was
^rid

;

;

Roaming Belgium and Holland and Germany and

Italy,

he

At Venice he met Lenbach, sought for light out of the darkness. who advised him to make for Munich, whither he went for six years ; painted sacred subjects ; was scowled upon by the clergy ; To the Salon he sent and, leaving Munich, made for Amsterdam.
Asylum for Old Men, and won a medal. His countryhe was becoming a force. The Society of Fifteen, of whom were Alfred Stevens and Bastien-Lepage, elected him to their body and he lived thenceforth between Berlin and a Dutch village. In portraiture he made hits with his Virchow and The Courtyard of the Orphanage at Amsterdam Gerhart Hauptmann. of 88 1 showed that he had shaken off the dark influence of Munkacsy and in it he struck his characteristic use of red.
in
1

88

1

his

men began

to realise that

;

1

;

Thereafter

Woman
Young
gives

came his Ropeyard, the fine Netmenders with Goats (1890), the Old Woman Darning Shepherdess (1890), the Boys Bathing (1897), in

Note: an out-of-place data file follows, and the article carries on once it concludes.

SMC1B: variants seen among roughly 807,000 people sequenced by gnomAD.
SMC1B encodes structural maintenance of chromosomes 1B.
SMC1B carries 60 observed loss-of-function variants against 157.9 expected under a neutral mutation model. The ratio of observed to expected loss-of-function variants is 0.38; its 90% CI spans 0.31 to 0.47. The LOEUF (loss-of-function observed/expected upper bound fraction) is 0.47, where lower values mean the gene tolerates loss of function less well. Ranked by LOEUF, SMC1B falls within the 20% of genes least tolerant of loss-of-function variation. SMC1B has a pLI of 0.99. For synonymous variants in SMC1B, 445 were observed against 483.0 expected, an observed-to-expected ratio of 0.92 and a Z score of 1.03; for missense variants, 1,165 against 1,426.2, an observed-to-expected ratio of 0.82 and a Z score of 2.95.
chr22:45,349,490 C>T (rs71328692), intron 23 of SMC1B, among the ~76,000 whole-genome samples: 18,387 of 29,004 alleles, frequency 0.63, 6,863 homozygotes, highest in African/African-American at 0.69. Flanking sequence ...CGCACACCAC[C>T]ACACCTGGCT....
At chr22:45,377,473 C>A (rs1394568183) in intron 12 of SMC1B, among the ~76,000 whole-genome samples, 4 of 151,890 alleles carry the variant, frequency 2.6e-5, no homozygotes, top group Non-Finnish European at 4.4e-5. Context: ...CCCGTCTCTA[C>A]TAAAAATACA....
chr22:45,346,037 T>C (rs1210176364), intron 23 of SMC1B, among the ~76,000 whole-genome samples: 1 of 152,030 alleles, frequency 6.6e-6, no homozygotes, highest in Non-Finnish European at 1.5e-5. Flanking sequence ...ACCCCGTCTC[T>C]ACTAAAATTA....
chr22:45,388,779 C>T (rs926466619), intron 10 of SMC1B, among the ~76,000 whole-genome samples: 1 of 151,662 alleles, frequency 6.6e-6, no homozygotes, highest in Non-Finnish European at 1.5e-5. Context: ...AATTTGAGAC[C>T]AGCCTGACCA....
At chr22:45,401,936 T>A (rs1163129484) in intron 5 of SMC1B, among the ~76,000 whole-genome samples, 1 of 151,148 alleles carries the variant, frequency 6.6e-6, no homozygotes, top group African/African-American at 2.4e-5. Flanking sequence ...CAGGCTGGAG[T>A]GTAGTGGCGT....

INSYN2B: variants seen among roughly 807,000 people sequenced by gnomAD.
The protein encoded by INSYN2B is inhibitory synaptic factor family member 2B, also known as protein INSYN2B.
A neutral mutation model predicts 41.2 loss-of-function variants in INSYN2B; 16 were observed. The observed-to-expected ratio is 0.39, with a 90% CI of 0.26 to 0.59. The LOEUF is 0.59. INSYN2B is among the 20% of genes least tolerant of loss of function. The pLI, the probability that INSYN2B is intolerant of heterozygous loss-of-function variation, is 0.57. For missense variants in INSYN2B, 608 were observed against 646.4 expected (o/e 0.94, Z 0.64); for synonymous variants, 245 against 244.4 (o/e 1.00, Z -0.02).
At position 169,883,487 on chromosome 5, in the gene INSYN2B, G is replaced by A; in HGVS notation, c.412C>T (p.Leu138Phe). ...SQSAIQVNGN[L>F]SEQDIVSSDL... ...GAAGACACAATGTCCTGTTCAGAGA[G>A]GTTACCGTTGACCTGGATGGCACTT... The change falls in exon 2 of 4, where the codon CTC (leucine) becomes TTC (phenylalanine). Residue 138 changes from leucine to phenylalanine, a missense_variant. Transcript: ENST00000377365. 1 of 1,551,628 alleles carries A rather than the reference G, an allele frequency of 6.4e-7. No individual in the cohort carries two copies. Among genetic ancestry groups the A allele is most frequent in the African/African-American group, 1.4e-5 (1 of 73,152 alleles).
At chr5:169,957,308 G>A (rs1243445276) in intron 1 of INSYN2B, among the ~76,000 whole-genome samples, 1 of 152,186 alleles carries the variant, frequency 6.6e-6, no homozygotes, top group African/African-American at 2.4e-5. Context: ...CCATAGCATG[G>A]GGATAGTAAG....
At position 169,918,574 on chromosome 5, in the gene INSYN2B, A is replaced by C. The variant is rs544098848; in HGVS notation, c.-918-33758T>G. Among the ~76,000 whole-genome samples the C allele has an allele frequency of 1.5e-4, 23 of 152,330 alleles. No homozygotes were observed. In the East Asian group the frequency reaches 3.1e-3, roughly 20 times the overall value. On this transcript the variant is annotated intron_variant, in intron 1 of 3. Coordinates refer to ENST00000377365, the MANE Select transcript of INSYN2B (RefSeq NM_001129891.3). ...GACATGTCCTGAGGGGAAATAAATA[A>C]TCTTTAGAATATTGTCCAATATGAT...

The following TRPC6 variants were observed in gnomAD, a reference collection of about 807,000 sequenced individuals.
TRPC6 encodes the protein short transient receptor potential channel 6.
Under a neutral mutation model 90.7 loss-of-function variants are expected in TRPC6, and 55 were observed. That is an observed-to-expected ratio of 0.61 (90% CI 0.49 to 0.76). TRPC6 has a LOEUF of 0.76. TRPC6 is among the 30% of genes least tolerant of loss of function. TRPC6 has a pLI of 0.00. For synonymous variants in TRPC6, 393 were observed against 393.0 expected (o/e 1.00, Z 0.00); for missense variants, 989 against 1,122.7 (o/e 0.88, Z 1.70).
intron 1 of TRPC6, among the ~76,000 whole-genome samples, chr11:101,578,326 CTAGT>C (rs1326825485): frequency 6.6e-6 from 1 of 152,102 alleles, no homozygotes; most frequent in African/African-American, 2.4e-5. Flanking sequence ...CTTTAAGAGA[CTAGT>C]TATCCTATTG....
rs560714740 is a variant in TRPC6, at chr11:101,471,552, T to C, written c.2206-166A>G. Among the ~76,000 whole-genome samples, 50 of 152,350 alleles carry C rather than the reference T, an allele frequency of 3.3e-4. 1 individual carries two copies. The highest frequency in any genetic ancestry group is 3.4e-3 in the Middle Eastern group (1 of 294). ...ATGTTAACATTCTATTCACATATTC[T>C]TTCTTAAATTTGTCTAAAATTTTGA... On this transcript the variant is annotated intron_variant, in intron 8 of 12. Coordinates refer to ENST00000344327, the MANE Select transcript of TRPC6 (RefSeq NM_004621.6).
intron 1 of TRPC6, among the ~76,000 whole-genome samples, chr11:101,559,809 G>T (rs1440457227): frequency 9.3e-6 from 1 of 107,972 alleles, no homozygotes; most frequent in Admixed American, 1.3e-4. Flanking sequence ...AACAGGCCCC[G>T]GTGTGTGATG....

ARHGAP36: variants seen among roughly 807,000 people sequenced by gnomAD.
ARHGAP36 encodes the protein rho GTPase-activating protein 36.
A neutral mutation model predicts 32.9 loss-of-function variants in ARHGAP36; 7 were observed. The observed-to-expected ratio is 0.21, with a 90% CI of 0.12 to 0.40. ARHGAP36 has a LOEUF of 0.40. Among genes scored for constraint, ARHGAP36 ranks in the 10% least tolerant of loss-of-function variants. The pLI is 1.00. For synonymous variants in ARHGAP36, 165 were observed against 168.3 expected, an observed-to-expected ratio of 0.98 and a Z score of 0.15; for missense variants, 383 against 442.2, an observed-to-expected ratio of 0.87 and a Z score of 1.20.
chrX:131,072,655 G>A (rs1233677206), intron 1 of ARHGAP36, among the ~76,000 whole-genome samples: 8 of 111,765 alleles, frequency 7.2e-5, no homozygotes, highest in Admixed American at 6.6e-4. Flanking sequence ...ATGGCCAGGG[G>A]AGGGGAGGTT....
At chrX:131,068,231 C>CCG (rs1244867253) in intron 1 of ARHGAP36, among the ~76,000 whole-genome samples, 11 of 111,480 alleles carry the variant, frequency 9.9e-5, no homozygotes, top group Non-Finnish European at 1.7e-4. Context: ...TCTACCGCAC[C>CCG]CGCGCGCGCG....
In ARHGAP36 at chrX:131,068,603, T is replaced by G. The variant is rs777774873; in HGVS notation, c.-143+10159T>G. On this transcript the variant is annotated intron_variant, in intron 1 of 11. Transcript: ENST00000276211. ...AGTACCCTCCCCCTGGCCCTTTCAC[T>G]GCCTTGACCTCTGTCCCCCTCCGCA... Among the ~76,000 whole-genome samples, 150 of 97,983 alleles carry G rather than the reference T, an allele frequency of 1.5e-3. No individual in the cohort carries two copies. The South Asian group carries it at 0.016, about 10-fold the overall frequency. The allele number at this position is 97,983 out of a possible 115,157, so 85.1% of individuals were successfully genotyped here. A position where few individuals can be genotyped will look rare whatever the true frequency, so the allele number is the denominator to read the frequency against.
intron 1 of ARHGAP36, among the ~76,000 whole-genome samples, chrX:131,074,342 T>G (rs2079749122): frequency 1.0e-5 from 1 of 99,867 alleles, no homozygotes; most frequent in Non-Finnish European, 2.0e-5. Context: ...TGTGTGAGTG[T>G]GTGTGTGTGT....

(1888), the (1880), The

which

detail

way to impression, and colour is employed with power. His " interiors " henceforth glow with reflected light. So he emerged fulness of sunlight and violet of open-air shadows under the to the He became the natural leader of blue heavens and by the sea. He revolt from the academic, and headed the great Secession. Germany, and created the fine modern brought the sun into endeavour of Munich, which has passed from greys to the glitter Fauns and unicorns grew dusty and mothand play of light. and pulsing life is gripped by the younger men of Germany. eaten Germany Slithery and minute polish and finish are passing away.